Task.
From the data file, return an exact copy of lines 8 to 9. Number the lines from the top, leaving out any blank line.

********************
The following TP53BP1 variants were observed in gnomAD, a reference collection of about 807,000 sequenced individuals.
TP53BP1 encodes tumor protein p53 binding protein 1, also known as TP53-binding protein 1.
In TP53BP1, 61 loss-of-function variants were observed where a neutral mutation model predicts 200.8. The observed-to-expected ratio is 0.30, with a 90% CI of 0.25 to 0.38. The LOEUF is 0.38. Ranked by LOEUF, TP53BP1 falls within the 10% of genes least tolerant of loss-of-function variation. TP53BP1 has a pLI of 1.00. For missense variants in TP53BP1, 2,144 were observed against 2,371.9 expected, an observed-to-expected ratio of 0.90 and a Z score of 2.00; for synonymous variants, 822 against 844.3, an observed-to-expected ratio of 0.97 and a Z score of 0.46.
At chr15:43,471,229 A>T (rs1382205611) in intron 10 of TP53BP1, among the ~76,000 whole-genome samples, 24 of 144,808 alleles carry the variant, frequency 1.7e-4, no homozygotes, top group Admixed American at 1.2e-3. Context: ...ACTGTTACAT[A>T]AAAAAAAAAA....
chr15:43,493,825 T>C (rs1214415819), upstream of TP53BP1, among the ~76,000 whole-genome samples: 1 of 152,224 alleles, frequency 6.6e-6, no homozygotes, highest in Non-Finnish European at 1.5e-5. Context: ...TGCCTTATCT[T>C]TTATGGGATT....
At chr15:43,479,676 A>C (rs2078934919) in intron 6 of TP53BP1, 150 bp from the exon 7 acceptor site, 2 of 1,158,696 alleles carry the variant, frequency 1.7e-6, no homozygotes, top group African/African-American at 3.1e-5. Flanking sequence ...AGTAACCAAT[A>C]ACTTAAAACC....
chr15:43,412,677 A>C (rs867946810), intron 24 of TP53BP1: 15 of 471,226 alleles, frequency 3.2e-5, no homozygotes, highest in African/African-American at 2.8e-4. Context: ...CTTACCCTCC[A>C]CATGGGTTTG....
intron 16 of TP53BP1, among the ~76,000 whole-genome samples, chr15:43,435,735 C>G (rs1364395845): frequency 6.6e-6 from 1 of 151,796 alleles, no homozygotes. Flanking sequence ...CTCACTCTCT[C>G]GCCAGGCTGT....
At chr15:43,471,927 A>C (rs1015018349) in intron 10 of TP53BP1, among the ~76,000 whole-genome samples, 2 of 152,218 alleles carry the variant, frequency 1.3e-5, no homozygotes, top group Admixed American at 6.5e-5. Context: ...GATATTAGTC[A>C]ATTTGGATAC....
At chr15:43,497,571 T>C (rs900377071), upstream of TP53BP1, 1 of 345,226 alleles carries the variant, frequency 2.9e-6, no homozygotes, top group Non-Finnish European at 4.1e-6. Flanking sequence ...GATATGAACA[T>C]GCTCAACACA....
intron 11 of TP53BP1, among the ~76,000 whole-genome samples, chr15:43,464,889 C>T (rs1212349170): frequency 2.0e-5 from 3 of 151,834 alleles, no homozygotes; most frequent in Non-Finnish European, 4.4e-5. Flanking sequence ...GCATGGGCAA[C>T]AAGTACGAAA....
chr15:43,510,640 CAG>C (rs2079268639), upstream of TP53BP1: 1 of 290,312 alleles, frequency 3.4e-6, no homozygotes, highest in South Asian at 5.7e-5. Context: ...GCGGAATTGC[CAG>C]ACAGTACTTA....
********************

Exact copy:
intron 16 of TP53BP1, among the ~76,000 whole-genome samples, chr15:43,435,735 C>G (rs1364395845): frequency 6.6e-6 from 1 of 151,796 alleles, no homozygotes. Flanking sequence ...CTCACTCTCT[C>G]GCCAGGCTGT....
At chr15:43,471,927 A>C (rs1015018349) in intron 10 of TP53BP1, among the ~76,000 whole-genome samples, 2 of 152,218 alleles carry the variant, frequency 1.3e-5, no homozygotes, top group Admixed American at 6.5e-5. Context: ...GATATTAGTC[A>C]ATTTGGATAC....